Ramelow’s admission that he “misjudged” the danger is nothing more than a shabby attempt at damage control, an attempt to deflect growing outrage over a policy that sacrifices human lives for profits. This is precisely how the media has dealt with the issue. The Süddeutsche Zeitung, for example, commented that Ramelow’s “highly unusual admission” helped patch over “cracks in society.” It shows “a way out of confrontation, out of a competition between right wingers that no one needs and that has already caused quite some damage.”
However, his admission will change absolutely nothing with regard to his politics. His coalition partners in Thuringia, the Social Democratic Party and the Greens plus the CDU (upon whose votes his minority government depends), together with the state’s business associations, will see to that. They have all protested against a further lockdown, and Ramelow has invariably carried out their wishes. As for the Left Party itself, wherever it is or has been in government, it implements policies to the detriment of the broad population just as ruthlessly as any other party.
On January 5, the Thuringian cabinet, in common with all the other German states, decided to extend until January 31 the completely inadequate pandemic measures decided in December and to tighten them up slightly, especially with regard to private contacts. Businesses will remain open, however. The cabinet is merely “appealing” to them to limit production and, where possible, allow remote working. Schools and day care centres are scheduled to reopen February 1 and are already offering emergency care, so parents can go to work and be available to keep the economy going.
The recent remarks on the pandemic by former Left Party leader and media personality Sahra Wagenknecht demonstrates just how right wing the Left Party really is. In her regular column for Focus magazine, Wagenknecht argues, along the lines of the far-right Alternative for Germany (AfD), against the protective measures already in place and advocates in barely veiled form a policy of herd immunity.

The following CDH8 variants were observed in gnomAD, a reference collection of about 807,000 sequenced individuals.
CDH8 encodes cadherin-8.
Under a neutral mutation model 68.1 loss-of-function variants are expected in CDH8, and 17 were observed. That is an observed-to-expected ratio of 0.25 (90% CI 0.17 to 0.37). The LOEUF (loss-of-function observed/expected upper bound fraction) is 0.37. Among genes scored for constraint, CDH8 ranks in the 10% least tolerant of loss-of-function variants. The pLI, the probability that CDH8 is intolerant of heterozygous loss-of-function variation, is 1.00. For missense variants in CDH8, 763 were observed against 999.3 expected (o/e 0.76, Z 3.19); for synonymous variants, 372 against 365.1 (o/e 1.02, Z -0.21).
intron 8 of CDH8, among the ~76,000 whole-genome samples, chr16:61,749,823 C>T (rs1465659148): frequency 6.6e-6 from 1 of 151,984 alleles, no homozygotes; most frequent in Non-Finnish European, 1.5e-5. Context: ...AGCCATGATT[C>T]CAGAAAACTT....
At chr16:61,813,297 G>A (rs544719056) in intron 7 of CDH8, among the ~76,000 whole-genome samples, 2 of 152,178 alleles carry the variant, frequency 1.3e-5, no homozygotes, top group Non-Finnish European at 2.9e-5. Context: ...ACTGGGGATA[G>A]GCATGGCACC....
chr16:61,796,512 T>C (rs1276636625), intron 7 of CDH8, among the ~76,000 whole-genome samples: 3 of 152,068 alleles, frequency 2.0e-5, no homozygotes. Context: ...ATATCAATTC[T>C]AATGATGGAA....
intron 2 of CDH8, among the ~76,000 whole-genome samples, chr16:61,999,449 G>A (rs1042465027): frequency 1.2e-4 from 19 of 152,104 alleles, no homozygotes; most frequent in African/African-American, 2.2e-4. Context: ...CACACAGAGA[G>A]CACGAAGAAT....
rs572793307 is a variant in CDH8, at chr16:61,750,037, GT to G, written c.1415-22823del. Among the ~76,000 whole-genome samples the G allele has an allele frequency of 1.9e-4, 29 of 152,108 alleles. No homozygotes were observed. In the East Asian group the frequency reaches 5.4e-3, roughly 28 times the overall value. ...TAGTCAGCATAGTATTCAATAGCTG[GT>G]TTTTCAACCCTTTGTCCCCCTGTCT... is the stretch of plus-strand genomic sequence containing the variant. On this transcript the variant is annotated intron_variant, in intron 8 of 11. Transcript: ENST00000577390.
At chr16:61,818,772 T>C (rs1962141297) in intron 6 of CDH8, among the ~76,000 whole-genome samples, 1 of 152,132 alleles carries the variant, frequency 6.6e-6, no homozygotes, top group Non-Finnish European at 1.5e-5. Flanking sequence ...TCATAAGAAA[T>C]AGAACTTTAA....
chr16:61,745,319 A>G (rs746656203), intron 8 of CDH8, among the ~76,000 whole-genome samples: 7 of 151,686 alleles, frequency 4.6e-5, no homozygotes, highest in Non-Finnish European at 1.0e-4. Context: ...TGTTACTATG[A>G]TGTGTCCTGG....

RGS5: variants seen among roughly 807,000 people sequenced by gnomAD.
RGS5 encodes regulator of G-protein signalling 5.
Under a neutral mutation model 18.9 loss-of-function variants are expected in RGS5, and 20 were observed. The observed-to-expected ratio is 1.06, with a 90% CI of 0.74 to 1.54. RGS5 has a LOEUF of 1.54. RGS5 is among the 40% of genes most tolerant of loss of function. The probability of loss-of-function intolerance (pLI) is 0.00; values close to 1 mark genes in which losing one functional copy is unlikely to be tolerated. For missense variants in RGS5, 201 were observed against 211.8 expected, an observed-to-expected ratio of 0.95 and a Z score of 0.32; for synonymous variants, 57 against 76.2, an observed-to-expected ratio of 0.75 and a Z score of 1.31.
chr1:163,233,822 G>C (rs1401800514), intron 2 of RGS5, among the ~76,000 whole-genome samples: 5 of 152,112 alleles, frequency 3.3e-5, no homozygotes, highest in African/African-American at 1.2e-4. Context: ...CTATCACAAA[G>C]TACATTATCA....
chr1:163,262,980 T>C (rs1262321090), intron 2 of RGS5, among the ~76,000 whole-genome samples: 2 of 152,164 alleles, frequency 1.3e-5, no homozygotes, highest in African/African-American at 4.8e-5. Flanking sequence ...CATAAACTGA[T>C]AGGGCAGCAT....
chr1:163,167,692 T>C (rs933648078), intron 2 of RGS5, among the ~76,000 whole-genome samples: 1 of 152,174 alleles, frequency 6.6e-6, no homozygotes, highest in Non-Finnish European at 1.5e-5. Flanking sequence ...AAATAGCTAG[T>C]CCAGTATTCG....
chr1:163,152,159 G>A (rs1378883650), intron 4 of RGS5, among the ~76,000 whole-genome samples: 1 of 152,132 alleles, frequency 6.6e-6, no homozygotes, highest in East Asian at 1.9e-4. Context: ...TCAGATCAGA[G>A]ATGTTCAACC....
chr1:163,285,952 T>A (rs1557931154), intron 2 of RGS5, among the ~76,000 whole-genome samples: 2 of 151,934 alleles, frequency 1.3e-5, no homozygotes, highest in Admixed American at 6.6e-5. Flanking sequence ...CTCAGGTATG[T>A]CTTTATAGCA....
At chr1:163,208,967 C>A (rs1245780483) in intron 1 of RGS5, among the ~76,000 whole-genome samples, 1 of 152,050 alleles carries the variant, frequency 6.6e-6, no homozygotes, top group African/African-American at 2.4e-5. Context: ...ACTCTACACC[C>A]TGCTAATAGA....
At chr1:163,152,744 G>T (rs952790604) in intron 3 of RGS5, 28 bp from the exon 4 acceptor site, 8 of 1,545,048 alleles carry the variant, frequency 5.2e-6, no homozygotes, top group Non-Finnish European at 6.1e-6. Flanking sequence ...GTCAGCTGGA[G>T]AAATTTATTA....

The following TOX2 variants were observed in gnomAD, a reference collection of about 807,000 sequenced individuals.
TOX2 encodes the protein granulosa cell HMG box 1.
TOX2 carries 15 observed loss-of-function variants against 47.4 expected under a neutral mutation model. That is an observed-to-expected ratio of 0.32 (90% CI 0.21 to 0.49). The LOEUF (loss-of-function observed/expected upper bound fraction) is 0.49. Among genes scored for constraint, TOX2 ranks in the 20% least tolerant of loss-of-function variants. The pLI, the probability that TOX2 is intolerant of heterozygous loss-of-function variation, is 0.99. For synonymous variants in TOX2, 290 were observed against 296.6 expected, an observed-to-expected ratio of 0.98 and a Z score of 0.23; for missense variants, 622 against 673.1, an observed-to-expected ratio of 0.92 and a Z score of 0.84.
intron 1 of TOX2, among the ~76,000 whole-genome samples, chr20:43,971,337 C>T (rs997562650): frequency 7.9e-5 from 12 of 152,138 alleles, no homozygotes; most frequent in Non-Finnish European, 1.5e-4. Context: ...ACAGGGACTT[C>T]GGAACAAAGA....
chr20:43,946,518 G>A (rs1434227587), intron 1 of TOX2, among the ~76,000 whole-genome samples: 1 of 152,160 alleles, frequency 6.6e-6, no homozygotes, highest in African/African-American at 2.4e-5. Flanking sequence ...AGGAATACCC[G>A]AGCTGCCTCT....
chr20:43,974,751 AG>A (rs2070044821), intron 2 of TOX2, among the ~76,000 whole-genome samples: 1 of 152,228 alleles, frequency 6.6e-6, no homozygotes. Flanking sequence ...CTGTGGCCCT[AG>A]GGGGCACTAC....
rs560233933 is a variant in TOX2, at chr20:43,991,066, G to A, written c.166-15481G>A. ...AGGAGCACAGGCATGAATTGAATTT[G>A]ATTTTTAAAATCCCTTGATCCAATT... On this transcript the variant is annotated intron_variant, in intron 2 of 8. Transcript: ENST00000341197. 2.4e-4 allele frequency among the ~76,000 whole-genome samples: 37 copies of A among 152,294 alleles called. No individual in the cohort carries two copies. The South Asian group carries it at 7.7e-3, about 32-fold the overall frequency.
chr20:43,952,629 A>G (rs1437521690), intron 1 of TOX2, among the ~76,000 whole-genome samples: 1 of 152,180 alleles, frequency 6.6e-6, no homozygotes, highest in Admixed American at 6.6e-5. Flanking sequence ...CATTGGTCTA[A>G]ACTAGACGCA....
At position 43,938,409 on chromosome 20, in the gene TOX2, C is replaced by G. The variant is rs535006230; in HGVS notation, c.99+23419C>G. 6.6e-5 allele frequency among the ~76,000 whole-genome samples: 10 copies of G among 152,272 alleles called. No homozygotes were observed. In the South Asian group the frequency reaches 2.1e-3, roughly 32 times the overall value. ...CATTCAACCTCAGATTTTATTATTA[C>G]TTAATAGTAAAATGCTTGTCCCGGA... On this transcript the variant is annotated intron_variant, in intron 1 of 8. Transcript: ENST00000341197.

A lockdown is “simply the wrong medicine” against the pandemic, she claims. The restrictions in place since November and their tightening in December have “provided little relief in hospitals.” The comment that “without these measures, things would certainly be much worse” is purely “speculative,” she said. In the end, “only one balance sheet remains: the lockdown, as it was decided, is proving largely ineffective against the infection, but does have devastating consequences for the economy and jobs, inner cities and cultural life.”
Wagenknecht admits that “apart from the private sphere, the most important transmissions take place in the workplace and on the way to work.” But she strongly rejects closing down businesses to prevent “millions of people from meeting one another every day on buses and trains and at their workplaces. … Such a path would certainly reduce the infection figures, but for the economic and social situation in our country it would be even more problematic than the course we’ve taken so far.”
Like all advocates of herd immunity, Wagenknecht suggests that instead of protecting the entire population, only the elderly in nursing homes should be protected from the virus—a measure that has long since proven unfeasible in practice—thereby allowing the rest of the population to be infected.
She even criticises the focus on vaccine development, saying, “Finally, a sensible alternative strategy includes no longer focusing one-sidedly on promoting vaccines when it remains unclear whether immunisation lasts longer than six months and whether there are as yet unknown, long-term side effects that are particularly harmful for young people.”
Instead, Wagenknecht said, “much greater effort and much more public money should have been invested in the development of drugs that prevent severe cases of coronavirus and limit possible subsequent damage.”
So her proposal is as follows: Let the population get sick, alleviate a few of the symptoms and take some symbolic measures to protect the elderly. This very same policy has cost the lives of tens of thousands in Sweden, Britain, the US and other countries. But Wagenknecht is convinced that the economy and profiteering must take precedence over people’s lives. That is the core of the Left Party’s coronavirus policy.